Johnson and Brown don’t have the same "smoothness" to their game as Clark but are much more physical specimens. Both extremely strong, have great length, and like Clark, great leaping abilities. Johnson is the more highly regarded of the two but Brown has been creeping up mock draft boards.

Finally we come to Daye, a top 10 talent on paper but who can’t seem to shed the "soft" label. In individual settings like this morning’s, Daye will look terrific displaying an incredible arsenal of offensive moves, with a Tayshaun Prince type build and length to go along them. However his combine results hardly blew anyone away, and like Clark to a lesser degree, he just didn’t dominate at Gonzaga the way many expected him to when he first joined the Bulldogs.

So are any of these four possible picks for Toronto at 9?

It’s tough to say.

To me it looks like Colangelo is simply doing his due diligence as the four forwards represent sort of the "next tier" of talent just after the lottery. Considering how equal players from 7 to about 17 seem to be, it’s not inconceivable that Colangelo grabs one of these four if none of the original players he has had his eye on are left at 9. Or, perhaps because of this equality in options, the Raptors look to trade down in the draft, thereby grabbing a 3-4, and still picking up a wing.

The bottom line is that it never hurts to get a closer look at as many players as possible, especially with the draft looking to be so up in the air.

And bringing in the point guards with this group of forwards this morning kills two birds with one stone; it helps facilitate the 3-on-3 action all the while giving TO a look at two possible back-up point guard options. Of the two, Lawson definitely has the winning pedigree and is the more NBA-ready of the two but Vasquez is interesting as well. I watched him kill my Blue Devils plenty of times last year in ACC action and the Maryland alum is a bit of a Carlos Delfino type; he can handle the ball and run the offense and yet at 6-6 can be a threat at the 2 with his long-range shooting and crafty moves.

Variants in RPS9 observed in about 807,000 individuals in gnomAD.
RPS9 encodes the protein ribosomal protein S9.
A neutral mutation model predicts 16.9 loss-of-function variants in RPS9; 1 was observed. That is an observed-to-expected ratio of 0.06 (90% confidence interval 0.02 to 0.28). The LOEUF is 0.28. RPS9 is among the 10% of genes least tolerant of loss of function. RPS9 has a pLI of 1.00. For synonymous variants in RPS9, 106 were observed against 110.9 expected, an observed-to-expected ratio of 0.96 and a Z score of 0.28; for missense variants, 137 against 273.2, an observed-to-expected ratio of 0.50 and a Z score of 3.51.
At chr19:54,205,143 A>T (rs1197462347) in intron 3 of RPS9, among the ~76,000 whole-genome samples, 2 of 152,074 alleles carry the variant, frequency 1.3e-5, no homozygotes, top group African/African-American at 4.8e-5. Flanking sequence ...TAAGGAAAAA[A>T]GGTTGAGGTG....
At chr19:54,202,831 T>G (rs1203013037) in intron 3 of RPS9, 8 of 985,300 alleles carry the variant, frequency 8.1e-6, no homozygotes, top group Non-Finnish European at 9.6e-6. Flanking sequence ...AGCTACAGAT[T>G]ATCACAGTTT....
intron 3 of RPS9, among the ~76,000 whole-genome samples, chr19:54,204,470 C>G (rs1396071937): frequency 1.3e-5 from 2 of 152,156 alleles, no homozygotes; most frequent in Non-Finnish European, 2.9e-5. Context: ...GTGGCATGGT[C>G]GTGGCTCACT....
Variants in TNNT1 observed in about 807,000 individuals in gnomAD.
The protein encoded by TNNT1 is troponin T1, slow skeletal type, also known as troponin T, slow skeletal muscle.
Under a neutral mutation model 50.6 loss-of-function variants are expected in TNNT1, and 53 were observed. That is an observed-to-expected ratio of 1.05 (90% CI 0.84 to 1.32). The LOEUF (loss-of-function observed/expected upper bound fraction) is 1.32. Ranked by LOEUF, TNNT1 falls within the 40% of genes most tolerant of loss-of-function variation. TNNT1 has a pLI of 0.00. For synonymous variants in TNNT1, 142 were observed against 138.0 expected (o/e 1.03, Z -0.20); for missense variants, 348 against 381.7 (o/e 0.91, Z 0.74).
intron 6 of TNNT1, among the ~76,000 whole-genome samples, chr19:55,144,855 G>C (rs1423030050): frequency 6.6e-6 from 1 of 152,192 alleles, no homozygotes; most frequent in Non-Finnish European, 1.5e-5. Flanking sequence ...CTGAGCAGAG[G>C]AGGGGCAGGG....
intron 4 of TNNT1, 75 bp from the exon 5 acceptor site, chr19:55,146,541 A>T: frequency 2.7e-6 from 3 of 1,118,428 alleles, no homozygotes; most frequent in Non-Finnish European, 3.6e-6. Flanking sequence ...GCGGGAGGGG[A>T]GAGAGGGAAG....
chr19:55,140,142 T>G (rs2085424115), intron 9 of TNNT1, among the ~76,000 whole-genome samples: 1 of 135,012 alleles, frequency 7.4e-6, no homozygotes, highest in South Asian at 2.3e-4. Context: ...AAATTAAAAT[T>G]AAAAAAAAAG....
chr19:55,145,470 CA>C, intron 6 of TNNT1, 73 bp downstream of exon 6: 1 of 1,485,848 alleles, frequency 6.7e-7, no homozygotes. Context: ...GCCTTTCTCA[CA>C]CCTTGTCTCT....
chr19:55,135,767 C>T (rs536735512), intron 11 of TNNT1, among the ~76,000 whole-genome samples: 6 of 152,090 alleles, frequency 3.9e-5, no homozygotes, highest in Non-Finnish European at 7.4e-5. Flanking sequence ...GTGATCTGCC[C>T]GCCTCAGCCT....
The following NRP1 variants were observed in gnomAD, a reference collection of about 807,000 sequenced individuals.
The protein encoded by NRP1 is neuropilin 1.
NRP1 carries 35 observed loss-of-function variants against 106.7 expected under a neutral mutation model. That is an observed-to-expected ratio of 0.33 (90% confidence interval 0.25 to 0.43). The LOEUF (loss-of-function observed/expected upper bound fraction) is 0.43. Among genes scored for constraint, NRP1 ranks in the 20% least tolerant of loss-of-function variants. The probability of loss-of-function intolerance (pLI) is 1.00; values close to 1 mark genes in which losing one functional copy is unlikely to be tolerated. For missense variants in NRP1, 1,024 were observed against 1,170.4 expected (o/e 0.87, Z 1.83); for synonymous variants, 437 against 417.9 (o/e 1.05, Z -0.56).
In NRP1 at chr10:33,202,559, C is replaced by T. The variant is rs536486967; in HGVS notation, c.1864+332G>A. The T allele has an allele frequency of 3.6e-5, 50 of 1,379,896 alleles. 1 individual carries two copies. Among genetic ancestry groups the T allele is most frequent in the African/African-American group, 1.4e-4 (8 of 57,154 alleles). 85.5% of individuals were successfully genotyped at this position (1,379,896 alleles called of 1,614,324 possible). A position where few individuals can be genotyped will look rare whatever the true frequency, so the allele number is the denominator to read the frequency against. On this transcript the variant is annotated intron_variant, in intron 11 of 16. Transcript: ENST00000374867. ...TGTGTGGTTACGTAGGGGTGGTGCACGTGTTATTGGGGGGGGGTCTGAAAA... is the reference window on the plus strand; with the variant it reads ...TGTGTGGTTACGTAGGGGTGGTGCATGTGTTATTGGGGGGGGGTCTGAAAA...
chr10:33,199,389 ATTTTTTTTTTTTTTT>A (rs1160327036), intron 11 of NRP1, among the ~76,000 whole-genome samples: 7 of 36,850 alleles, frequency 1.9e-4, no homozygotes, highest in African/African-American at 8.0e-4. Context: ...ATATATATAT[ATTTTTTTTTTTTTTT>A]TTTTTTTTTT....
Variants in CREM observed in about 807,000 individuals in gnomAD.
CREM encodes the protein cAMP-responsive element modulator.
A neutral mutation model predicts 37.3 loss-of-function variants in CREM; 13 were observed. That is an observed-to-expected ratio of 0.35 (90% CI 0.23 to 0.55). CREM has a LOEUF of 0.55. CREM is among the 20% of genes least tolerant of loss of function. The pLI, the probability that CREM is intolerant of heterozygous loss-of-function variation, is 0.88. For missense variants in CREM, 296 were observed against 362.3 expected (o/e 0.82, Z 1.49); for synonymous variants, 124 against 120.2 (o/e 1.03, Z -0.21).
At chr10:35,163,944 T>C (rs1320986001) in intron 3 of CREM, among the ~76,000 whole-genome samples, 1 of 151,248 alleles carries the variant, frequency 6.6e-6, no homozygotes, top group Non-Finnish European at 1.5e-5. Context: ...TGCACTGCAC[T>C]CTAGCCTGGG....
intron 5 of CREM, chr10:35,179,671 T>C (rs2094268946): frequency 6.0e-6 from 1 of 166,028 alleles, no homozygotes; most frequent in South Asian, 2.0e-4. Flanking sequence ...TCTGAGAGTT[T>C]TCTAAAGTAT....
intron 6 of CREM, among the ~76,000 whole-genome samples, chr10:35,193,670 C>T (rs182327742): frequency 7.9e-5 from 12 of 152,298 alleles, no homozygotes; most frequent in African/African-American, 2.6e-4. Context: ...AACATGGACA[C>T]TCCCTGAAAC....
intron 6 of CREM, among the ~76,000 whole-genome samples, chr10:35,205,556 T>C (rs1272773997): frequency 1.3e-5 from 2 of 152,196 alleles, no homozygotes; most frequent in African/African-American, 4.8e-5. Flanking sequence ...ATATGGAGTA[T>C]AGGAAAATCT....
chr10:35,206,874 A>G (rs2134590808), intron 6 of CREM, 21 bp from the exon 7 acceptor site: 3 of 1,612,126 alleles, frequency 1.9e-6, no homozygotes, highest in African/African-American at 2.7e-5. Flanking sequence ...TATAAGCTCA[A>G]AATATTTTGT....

We’ll have a full report tomorrow regarding the workout, which looks to be Toronto’s second-last.

As we reported last week, Colangelo alluded to another final session next week, one that we’re guessing will have some of the final big names such as DeRozan, Curry, Evans and Henderson. Outside of those four names (and some of the bigger ones like Harden and Hill), the Raptors will have seen except Brandon Jennings who is slated to be taken with picks about 5 to 17.

Therefore while next week’s workout is obviously the one we’re waiting on with baited breath, this morning’s action still promises to be quite intriguing. There’s no question that both Johnson and Clark have NBA All-Star upside and it will be a real treat to see them gong one-on-one.

In a draft so devoid of sure things, perhaps in the end it’s a workout like this morning’s that makes the Raptors’ draft decision.